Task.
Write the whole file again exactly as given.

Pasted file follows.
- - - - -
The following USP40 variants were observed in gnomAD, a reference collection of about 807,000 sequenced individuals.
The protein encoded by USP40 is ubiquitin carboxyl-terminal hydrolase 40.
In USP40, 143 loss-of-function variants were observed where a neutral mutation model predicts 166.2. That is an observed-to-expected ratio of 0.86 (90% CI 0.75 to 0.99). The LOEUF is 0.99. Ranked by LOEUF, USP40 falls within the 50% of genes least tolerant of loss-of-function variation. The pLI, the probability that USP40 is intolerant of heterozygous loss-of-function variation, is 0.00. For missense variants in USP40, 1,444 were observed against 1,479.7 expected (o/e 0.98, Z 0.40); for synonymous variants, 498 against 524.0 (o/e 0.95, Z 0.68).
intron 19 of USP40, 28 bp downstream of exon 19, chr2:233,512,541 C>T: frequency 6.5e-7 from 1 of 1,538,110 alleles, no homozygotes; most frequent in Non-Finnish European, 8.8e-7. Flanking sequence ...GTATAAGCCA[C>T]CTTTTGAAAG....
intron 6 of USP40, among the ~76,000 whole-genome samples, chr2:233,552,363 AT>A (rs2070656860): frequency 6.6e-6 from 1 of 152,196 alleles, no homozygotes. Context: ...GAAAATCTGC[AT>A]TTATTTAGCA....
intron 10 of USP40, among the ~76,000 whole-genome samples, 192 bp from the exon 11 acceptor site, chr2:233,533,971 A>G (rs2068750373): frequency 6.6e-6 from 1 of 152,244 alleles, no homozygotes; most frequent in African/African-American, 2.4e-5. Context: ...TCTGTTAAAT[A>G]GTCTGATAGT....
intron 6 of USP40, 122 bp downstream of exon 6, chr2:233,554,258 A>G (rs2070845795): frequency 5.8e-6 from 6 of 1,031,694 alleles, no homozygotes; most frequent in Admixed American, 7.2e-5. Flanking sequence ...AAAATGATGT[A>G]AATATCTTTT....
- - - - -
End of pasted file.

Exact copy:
The following USP40 variants were observed in gnomAD, a reference collection of about 807,000 sequenced individuals.
The protein encoded by USP40 is ubiquitin carboxyl-terminal hydrolase 40.
In USP40, 143 loss-of-function variants were observed where a neutral mutation model predicts 166.2. That is an observed-to-expected ratio of 0.86 (90% CI 0.75 to 0.99). The LOEUF is 0.99. Ranked by LOEUF, USP40 falls within the 50% of genes least tolerant of loss-of-function variation. The pLI, the probability that USP40 is intolerant of heterozygous loss-of-function variation, is 0.00. For missense variants in USP40, 1,444 were observed against 1,479.7 expected (o/e 0.98, Z 0.40); for synonymous variants, 498 against 524.0 (o/e 0.95, Z 0.68).
intron 19 of USP40, 28 bp downstream of exon 19, chr2:233,512,541 C>T: frequency 6.5e-7 from 1 of 1,538,110 alleles, no homozygotes; most frequent in Non-Finnish European, 8.8e-7. Flanking sequence ...GTATAAGCCA[C>T]CTTTTGAAAG....
intron 6 of USP40, among the ~76,000 whole-genome samples, chr2:233,552,363 AT>A (rs2070656860): frequency 6.6e-6 from 1 of 152,196 alleles, no homozygotes. Context: ...GAAAATCTGC[AT>A]TTATTTAGCA....
intron 10 of USP40, among the ~76,000 whole-genome samples, 192 bp from the exon 11 acceptor site, chr2:233,533,971 A>G (rs2068750373): frequency 6.6e-6 from 1 of 152,244 alleles, no homozygotes; most frequent in African/African-American, 2.4e-5. Context: ...TCTGTTAAAT[A>G]GTCTGATAGT....
intron 6 of USP40, 122 bp downstream of exon 6, chr2:233,554,258 A>G (rs2070845795): frequency 5.8e-6 from 6 of 1,031,694 alleles, no homozygotes; most frequent in Admixed American, 7.2e-5. Flanking sequence ...AAAATGATGT[A>G]AATATCTTTT....